Friday, February 25, 2011

Easy Bread Recipe

This is an easy, healthy and delicious recipe that is fool-proof and doesn't have any kneading!

"Wonder Bread"

Combine in a very large bowl:
4 tablespoons canola oil
4 tablespoons honey
3 tablespoons salt

8 cups warm water and 2 tablespoons yeast
Stir and wait 5 minutes, until yeast is dissolved.

Stir in:
7 cups white flour
7 cups whole wheat flour
2 cups rolled oats (of if you prefer any combination of soy flour, rice flour, wheat germ, oats, or bran)

When dough is well-mixed (use your hands or a wooden spoon for this), scoop half of it into another large, oiled bowl, and let the dough rise until doubled, about 1 1/2 hours. At this point you can punch the dough down, divide it into loaves, and place into seven greased pans. Or you can punch it down and let it rise in the bowls again. Just make sure you punch it down well after each rising.

Allow the bread one final rise in the pans. Bake the loaves at 400 degrees for about 40 minutes, or until the bread sounds hollow when tapped, rotating the pans midway through the baking to ensure even browning.

I usually divide the recipe in half or even by 2/7 and make 2 loaves, rather than 7! The recipe is from this book:

Mitten Strings for God: Reflections for Mothers in a Hurry
Mitten Strings for God: Reflections for Mothers in a Hurry

Monday, February 21, 2011

A New Role Model... and a New University Center

How can you not love a man at age 95 a. plans to outlive his long-lived relatives (100 and 107) and b. has given to the university every year since he graduated... in 1937. Thanks Tink Veale II for making the new university center at CWRU possible.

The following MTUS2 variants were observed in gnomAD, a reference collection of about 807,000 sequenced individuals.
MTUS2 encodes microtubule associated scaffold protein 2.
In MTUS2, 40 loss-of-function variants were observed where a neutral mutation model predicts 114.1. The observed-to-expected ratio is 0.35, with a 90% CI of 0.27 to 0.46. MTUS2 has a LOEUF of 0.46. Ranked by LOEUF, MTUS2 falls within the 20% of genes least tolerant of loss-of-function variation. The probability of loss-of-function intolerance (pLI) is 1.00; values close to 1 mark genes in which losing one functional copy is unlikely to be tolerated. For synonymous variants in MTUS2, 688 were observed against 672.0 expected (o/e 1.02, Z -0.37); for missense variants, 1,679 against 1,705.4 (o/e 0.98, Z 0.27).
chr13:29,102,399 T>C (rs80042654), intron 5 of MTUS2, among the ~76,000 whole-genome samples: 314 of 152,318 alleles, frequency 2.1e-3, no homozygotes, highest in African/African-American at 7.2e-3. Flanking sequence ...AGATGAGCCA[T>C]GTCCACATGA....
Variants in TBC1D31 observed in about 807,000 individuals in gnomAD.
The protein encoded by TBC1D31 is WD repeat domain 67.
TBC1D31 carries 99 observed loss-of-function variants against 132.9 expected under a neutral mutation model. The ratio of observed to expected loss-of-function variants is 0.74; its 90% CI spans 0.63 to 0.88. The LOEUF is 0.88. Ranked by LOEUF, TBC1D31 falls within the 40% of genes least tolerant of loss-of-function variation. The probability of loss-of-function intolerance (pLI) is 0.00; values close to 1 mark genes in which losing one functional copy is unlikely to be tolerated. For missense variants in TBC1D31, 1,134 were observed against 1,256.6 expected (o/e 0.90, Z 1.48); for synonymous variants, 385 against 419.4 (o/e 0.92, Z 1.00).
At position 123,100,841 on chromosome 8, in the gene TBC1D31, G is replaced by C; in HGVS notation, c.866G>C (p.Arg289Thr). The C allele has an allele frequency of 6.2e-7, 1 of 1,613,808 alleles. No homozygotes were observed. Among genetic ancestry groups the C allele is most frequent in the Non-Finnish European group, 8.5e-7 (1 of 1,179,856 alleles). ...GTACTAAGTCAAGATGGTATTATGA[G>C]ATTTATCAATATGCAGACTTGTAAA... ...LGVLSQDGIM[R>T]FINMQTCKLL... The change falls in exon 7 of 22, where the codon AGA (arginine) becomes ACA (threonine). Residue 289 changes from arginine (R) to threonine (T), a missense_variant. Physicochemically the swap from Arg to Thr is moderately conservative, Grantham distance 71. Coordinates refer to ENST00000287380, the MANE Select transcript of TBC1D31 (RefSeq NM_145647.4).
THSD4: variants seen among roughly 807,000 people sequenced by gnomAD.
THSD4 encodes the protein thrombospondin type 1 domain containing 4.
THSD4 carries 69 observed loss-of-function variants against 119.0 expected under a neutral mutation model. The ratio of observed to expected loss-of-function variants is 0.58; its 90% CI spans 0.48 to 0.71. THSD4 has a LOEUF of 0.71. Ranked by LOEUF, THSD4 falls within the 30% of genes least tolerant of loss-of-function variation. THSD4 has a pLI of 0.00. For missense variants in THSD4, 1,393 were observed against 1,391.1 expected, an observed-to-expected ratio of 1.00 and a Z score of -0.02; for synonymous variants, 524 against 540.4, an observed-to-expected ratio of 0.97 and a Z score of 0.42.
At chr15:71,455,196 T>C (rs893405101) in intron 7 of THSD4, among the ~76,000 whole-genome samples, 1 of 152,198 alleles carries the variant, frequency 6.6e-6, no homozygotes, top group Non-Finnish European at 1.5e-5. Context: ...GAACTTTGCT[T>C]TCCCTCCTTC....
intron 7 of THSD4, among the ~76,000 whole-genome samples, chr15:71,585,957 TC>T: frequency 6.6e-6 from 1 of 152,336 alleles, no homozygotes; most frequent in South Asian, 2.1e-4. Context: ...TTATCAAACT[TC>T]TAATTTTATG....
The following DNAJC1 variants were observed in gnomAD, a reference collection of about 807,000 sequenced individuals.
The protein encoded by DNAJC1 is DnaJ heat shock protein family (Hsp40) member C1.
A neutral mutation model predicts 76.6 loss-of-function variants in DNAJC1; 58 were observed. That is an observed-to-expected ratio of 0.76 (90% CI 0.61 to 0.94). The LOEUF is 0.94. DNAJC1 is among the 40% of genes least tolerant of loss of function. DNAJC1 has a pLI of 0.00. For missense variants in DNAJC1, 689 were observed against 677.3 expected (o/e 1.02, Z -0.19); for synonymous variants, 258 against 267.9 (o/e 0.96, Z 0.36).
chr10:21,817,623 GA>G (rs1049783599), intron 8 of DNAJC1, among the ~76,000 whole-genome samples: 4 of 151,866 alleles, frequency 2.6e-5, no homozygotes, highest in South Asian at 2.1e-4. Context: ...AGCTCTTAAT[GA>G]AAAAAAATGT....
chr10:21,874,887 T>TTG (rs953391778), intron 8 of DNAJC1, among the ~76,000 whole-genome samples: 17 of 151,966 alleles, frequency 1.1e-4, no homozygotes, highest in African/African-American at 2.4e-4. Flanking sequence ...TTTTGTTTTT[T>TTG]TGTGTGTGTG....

Thursday, February 17, 2011

Choosing A Book Challenge (or 2)

My friend Dawn over at The Flying Chagall suggested in a comment to the first half of my 101 in 1001 list that I include some book/reading challenges on the second half of my list. This is an excellent idea so I started researching reading challenges other people have undertaken. Here is some of what I learned (no sense including ones I have no interest in).

I learned about the first three from DewDrops:

What's in a Name, hosted by Beth Fish Reads

  1. A book with a number in the title: First to Die, Seven Up, Thirteen Reasons Why
  2. A book with jewelry or a gem in the title: Diamond Ruby, Girl with a Pearl Earring, The Opal Deception